03
Oct
07

Ludwig Wittgenstein

wittgenstein2.jpg

A portrait of Ludwig Wittgenstein in Swansea, communicating the power of his gaze & intensity of his personality.

I know that this World exists.
That I am placed in it like my eye in it’s visual field
That something about it is problematic,
Which we call its meaning
That this meaning does not lie in it but outside it.
That life is the World.
That my will penetrate the world.
That my will is good or evil.
Therefore that good or evil are somehow connected with
the meaning of the World.

It is true: Man is the microcosm
I am my World

-Ludwig Wittgenstein

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1 Response to “Ludwig Wittgenstein”


  1. 1 Steve
    June 16, 2008 at 8:06 pm

    Wittgenstein’s writings on the ethical, mystical and spiritual dimensions of experience are remarkable & if time allowed, it would be valuable to explore them carefully.

    But to take one line 0f thought: Wittgenstein comments that ‘Feeling the world as limited whole – it is this that is mystical.’ (Tractatus 6.45) And this section of the Tractatus continues:

    6.5 When the answer cannot be put into words, neither can the question
    be put into words.
    The riddle does not exist.
    If a question can be framed at all, it is also possible to answer
    it.

    6.51 Scepticism is not irrefutable, but obviously nonsensical, when it
    tries to raise doubts where no questions can be asked.
    For doubt can exist only where a question exists, a question only
    where an answer exists, and an answer only where something can be
    said.

    6.52 We feel that even when all possible scientific questions have been
    answered, the problems of life remain completely untouched. Of
    course there are then no questions left, and this itself is the
    answer.

    6.521 The solution of the problem of life is seen in the vanishing of the
    problem.
    (Is not this the reason why those who have found after a long
    period of doubt that the sense of life becomes clear to them have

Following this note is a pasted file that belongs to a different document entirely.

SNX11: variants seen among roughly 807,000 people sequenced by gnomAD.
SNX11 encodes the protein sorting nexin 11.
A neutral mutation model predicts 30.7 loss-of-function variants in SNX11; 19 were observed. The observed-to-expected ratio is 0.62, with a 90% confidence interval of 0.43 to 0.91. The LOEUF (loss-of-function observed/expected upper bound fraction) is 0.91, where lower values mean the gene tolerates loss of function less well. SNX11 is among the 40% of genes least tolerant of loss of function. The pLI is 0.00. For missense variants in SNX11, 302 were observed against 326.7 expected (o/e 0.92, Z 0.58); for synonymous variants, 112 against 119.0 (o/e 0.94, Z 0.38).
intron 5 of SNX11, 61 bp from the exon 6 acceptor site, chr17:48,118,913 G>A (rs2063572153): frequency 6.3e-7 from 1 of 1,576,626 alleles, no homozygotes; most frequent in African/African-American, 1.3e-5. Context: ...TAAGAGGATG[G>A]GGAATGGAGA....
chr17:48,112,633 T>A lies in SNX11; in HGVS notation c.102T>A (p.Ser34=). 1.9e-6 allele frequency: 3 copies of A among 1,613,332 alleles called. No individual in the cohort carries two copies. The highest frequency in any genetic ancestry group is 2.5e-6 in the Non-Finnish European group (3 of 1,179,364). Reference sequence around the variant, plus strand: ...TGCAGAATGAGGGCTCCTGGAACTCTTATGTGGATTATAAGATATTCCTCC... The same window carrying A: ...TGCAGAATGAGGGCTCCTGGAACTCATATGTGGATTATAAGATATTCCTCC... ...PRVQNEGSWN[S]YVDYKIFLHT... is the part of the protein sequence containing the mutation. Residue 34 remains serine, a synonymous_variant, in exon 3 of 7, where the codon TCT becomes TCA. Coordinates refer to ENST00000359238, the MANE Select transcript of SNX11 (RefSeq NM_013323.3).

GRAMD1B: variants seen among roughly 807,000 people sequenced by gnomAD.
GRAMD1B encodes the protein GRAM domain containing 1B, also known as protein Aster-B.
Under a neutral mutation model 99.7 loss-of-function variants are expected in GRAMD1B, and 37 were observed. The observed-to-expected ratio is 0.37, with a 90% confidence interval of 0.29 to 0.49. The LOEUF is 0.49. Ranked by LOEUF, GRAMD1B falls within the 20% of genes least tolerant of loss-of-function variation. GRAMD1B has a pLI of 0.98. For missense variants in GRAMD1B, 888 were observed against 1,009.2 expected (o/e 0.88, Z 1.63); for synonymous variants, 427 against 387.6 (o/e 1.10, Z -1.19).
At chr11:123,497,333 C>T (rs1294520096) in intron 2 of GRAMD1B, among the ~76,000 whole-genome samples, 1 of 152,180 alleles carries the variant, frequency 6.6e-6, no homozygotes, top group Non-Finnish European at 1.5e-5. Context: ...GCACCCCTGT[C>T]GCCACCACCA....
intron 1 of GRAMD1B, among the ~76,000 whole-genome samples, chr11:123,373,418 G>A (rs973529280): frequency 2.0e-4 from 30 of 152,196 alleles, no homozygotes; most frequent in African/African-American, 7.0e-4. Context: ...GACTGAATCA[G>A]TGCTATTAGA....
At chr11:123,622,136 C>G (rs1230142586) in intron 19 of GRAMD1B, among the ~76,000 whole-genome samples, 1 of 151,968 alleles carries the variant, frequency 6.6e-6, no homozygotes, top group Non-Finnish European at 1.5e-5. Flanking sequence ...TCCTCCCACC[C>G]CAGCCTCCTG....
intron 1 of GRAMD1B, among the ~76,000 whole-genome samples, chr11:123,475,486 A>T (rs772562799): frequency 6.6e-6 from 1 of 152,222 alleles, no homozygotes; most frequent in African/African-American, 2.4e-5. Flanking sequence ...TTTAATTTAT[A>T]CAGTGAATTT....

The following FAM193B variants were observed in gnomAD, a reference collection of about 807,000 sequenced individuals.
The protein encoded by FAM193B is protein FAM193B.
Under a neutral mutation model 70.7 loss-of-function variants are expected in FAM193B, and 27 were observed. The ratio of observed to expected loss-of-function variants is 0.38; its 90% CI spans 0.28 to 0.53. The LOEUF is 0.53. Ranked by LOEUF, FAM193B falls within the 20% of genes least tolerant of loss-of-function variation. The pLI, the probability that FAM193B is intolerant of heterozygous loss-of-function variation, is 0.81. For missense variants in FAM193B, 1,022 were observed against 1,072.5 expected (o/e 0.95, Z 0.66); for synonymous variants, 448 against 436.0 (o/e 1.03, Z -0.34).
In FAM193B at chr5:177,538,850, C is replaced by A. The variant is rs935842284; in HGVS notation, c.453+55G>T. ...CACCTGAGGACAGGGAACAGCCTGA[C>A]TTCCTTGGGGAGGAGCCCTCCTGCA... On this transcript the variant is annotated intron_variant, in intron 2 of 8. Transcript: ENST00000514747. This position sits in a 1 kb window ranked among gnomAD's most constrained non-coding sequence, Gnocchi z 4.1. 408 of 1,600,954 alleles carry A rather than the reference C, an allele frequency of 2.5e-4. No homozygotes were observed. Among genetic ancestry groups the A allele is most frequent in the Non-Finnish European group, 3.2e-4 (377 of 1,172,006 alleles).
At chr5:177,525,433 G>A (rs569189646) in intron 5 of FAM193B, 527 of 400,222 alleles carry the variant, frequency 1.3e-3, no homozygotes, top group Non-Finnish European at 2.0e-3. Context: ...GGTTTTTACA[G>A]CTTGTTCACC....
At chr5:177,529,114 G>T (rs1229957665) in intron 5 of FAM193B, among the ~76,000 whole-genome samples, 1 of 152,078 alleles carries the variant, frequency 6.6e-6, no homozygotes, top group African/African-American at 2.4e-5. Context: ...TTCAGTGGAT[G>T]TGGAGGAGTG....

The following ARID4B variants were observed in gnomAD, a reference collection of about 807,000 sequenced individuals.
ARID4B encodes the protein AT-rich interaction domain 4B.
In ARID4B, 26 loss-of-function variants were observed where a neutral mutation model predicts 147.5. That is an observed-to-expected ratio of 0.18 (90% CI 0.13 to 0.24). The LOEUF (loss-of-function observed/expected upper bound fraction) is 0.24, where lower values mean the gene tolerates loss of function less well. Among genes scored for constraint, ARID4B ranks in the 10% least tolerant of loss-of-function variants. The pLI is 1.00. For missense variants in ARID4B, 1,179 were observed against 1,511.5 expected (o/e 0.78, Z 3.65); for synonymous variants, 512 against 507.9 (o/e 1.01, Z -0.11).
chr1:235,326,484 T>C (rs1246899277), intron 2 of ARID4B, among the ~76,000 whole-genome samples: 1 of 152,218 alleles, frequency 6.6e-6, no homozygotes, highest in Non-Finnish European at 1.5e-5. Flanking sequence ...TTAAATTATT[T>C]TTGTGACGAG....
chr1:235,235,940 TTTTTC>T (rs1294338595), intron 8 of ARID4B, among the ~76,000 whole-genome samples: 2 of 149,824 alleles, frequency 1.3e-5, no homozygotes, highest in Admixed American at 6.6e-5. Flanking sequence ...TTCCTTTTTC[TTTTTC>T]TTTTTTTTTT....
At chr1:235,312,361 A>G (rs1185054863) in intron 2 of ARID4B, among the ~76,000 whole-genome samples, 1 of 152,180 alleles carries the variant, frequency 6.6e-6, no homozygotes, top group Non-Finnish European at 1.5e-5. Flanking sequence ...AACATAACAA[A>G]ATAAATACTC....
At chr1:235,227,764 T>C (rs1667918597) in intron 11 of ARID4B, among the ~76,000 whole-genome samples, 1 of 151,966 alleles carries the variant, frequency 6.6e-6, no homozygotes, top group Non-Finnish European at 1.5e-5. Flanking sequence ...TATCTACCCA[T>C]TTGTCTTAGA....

been unable to say what constituted that sense?)

    6.522 There are, indeed, things that cannot be put into words. They make
    themselves manifest. They are what is mystical.

    These remarks suggest a religious concern and an ethical sense, but one that has an apophatic character of extreme proportions. In this context it is important to consider some comments of Wittgenstein’s in a letter to his friend Ludwig Ficker written at about the time of the Tractatus’ publication in which he gave an explanation of its purpose. Wittgenstein writes that ‘The book’s purpose is an ethical one. I once meant to include in the preface a sentence which is not in fact there now, but which I shall write out for you here, because it will perhaps be a key to the work for you. What I meant to write, then, was this: My work consists of two parts: the one presented here plus all that I have not written. And it is precisely this second part that is the important one.’ (L Wittgenstein, ‘Briefe an Ludwig Ficker’, in Brenner Studien, quoted in Wittgenstein’s Vienna, by A Janik and S Toulmin, p 173). This remark is typical of others Wittgenstein made to friends suggestive of a far from negative attitude to the ethical and religious dimensions of experience – but his point is really that the ethical is a condition of experience not something that exists as a part of the world of experience.


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